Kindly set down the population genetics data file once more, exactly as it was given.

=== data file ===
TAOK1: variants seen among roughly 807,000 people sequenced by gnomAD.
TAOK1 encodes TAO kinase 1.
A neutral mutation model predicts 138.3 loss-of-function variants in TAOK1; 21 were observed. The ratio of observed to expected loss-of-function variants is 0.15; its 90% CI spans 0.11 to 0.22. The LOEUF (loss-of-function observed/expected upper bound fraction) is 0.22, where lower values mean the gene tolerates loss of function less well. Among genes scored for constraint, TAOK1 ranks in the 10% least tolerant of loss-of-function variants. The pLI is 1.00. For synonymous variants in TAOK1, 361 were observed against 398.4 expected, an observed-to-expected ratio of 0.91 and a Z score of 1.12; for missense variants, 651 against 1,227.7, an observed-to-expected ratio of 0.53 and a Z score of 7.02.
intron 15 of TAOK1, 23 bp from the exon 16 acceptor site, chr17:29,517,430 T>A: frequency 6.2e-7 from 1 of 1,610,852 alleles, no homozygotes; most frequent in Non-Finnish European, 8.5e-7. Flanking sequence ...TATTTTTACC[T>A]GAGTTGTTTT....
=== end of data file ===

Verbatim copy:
TAOK1: variants seen among roughly 807,000 people sequenced by gnomAD.
TAOK1 encodes TAO kinase 1.
A neutral mutation model predicts 138.3 loss-of-function variants in TAOK1; 21 were observed. The ratio of observed to expected loss-of-function variants is 0.15; its 90% CI spans 0.11 to 0.22. The LOEUF (loss-of-function observed/expected upper bound fraction) is 0.22, where lower values mean the gene tolerates loss of function less well. Among genes scored for constraint, TAOK1 ranks in the 10% least tolerant of loss-of-function variants. The pLI is 1.00. For synonymous variants in TAOK1, 361 were observed against 398.4 expected, an observed-to-expected ratio of 0.91 and a Z score of 1.12; for missense variants, 651 against 1,227.7, an observed-to-expected ratio of 0.53 and a Z score of 7.02.
intron 15 of TAOK1, 23 bp from the exon 16 acceptor site, chr17:29,517,430 T>A: frequency 6.2e-7 from 1 of 1,610,852 alleles, no homozygotes; most frequent in Non-Finnish European, 8.5e-7. Flanking sequence ...TATTTTTACC[T>A]GAGTTGTTTT....